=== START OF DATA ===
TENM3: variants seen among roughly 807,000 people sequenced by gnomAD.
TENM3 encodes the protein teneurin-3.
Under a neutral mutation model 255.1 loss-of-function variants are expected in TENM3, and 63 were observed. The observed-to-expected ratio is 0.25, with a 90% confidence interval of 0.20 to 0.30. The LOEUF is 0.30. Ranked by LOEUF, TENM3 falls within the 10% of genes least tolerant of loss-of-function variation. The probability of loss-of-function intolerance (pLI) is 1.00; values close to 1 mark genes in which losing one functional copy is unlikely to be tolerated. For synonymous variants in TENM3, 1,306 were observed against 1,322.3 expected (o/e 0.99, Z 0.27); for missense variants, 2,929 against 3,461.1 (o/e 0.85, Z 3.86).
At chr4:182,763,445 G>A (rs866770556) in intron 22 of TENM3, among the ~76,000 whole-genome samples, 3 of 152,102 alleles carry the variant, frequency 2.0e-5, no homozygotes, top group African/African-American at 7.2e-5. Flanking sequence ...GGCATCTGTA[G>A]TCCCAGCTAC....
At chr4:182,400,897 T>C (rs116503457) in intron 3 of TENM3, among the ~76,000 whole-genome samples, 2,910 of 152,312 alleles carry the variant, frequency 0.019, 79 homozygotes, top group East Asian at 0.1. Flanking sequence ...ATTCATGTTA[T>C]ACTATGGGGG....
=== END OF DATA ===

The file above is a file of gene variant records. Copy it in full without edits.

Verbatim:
TENM3: variants seen among roughly 807,000 people sequenced by gnomAD.
TENM3 encodes the protein teneurin-3.
Under a neutral mutation model 255.1 loss-of-function variants are expected in TENM3, and 63 were observed. The observed-to-expected ratio is 0.25, with a 90% confidence interval of 0.20 to 0.30. The LOEUF is 0.30. Ranked by LOEUF, TENM3 falls within the 10% of genes least tolerant of loss-of-function variation. The probability of loss-of-function intolerance (pLI) is 1.00; values close to 1 mark genes in which losing one functional copy is unlikely to be tolerated. For synonymous variants in TENM3, 1,306 were observed against 1,322.3 expected (o/e 0.99, Z 0.27); for missense variants, 2,929 against 3,461.1 (o/e 0.85, Z 3.86).
At chr4:182,763,445 G>A (rs866770556) in intron 22 of TENM3, among the ~76,000 whole-genome samples, 3 of 152,102 alleles carry the variant, frequency 2.0e-5, no homozygotes, top group African/African-American at 7.2e-5. Flanking sequence ...GGCATCTGTA[G>A]TCCCAGCTAC....
At chr4:182,400,897 T>C (rs116503457) in intron 3 of TENM3, among the ~76,000 whole-genome samples, 2,910 of 152,312 alleles carry the variant, frequency 0.019, 79 homozygotes, top group East Asian at 0.1. Flanking sequence ...ATTCATGTTA[T>C]ACTATGGGGG....